Water carrier in Kenya

Kenyan woman emptying a jerrycan of water.
Water carrier bringing water to make mortar for construction.

A critical item in construction is water. The nearest well to this school project was about a kilometer away. The women of the village, in some cases mothers of the students of the school, earned a very small amount of extra money by carrying water. The cistern in the background was for rainwater, suitable for drinking, a commodity too valuable to use to make mortar.

Notice that this woman is using a khanga as a carrying strap for the jerrycan, it is softer than rope and most women have one with them, so it is readily available.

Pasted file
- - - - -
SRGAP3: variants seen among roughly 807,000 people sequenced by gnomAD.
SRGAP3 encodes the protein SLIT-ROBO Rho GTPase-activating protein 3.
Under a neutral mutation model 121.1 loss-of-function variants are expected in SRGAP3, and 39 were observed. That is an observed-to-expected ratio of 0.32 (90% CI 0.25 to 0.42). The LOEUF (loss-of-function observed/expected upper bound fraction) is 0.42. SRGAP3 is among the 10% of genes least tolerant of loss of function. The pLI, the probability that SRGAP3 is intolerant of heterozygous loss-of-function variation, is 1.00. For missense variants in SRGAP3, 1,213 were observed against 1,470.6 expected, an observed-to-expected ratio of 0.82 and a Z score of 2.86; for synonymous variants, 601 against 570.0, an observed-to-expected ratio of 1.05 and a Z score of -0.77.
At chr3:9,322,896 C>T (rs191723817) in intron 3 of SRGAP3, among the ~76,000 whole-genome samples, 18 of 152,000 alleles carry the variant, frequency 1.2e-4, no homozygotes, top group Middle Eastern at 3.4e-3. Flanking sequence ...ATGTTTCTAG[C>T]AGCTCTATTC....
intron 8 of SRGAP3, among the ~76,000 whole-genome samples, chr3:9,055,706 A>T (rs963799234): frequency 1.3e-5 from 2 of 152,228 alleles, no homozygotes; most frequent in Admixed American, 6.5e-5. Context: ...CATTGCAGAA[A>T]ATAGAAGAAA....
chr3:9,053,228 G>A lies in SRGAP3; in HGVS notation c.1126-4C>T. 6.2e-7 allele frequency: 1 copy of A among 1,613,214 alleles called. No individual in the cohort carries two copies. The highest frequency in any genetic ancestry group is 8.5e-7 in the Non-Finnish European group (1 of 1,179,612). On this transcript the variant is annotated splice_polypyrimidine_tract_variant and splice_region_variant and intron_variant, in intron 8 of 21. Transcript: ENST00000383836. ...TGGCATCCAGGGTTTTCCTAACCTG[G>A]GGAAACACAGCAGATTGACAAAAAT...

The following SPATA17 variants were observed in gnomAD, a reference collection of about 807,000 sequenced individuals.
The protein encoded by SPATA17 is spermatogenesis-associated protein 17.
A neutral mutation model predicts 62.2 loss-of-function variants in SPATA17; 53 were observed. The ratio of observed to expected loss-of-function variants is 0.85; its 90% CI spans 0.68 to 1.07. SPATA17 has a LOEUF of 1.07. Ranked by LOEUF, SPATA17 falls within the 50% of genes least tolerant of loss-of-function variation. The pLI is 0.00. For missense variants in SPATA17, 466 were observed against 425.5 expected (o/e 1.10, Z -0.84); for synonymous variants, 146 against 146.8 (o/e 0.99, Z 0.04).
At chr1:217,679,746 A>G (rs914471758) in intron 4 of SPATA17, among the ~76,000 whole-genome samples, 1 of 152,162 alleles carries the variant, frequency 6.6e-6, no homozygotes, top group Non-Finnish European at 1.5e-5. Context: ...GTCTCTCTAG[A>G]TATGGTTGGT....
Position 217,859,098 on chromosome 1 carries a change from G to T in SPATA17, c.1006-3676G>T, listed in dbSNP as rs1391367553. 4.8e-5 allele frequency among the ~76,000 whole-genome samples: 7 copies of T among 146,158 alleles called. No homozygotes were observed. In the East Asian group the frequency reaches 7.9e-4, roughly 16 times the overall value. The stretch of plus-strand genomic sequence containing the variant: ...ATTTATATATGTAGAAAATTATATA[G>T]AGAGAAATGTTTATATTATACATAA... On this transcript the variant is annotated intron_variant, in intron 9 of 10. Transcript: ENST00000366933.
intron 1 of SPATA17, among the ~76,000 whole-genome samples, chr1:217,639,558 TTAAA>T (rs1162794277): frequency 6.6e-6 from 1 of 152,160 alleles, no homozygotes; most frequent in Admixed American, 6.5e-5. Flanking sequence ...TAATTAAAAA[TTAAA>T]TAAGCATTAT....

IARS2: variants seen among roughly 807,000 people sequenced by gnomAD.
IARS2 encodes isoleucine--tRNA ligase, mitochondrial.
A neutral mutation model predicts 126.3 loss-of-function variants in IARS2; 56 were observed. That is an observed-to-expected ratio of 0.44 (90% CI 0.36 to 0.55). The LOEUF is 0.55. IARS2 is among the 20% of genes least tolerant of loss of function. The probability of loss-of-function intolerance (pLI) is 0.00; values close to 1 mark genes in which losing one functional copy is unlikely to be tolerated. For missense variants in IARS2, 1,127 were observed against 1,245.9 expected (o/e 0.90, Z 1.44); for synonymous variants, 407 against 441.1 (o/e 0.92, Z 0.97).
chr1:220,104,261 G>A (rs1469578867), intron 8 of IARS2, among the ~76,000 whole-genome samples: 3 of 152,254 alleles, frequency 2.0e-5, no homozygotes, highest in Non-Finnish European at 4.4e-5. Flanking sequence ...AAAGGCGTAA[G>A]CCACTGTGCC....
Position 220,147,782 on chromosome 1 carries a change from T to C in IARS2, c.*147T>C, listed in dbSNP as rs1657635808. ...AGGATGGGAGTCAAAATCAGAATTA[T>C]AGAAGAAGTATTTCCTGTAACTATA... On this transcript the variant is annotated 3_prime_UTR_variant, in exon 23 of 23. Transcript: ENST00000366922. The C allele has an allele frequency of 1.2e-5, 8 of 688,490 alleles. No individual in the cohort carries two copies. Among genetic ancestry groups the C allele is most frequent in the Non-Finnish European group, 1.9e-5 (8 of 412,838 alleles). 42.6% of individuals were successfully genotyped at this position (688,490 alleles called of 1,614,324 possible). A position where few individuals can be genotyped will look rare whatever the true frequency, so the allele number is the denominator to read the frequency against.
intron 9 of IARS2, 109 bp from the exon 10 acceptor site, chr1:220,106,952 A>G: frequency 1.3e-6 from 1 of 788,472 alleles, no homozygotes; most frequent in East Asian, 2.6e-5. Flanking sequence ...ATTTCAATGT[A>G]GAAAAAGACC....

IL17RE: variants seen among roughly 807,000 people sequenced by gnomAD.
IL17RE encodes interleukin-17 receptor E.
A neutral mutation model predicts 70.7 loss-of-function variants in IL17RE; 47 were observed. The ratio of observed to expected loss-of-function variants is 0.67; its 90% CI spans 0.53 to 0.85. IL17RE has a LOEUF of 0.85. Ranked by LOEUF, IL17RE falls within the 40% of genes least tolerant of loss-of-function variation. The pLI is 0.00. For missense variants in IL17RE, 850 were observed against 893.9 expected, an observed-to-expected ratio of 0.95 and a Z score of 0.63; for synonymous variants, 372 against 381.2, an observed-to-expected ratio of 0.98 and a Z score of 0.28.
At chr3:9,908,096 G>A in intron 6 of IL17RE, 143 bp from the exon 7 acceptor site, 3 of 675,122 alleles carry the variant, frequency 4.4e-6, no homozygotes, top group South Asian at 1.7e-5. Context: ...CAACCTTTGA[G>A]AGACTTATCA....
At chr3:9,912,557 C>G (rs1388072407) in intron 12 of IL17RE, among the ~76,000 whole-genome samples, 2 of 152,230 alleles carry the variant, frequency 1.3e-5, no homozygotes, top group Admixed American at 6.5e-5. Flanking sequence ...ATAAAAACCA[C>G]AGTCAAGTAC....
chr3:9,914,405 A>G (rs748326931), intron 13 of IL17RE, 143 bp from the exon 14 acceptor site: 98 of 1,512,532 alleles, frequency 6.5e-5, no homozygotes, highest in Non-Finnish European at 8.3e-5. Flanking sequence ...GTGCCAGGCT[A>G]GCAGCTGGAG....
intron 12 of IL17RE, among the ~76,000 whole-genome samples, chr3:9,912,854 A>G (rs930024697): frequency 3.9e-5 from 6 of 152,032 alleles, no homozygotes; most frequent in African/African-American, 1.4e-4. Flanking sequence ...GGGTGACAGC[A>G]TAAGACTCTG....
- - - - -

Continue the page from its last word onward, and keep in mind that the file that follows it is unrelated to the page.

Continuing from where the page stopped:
For That Travel Lady in Her Shoes’ Just One person from Around the World challenge.

8 thoughts on “Water carrier in Kenya”

    1. They sell them as yardage. They are essentially giant handkerchiefs. That is really their history the pre-printed handkerchief fabric was cut into larger squares that were used as wrap around skirts or to make slings for carrying babies. Eventually they started creating the larger printed designs specifically to be used as khanga. I am not well traveled in Africa but I have been told that the khanga is local to Kenya and Tanzania. We bought some as yard goods then had a local sewing school cut them and hem them. They are usually sold in pairs. the fabric is very thin. I carry a couple when I travel: they make a great lightweight night gown, tablecloth for a picnic, swim suit cover-up…

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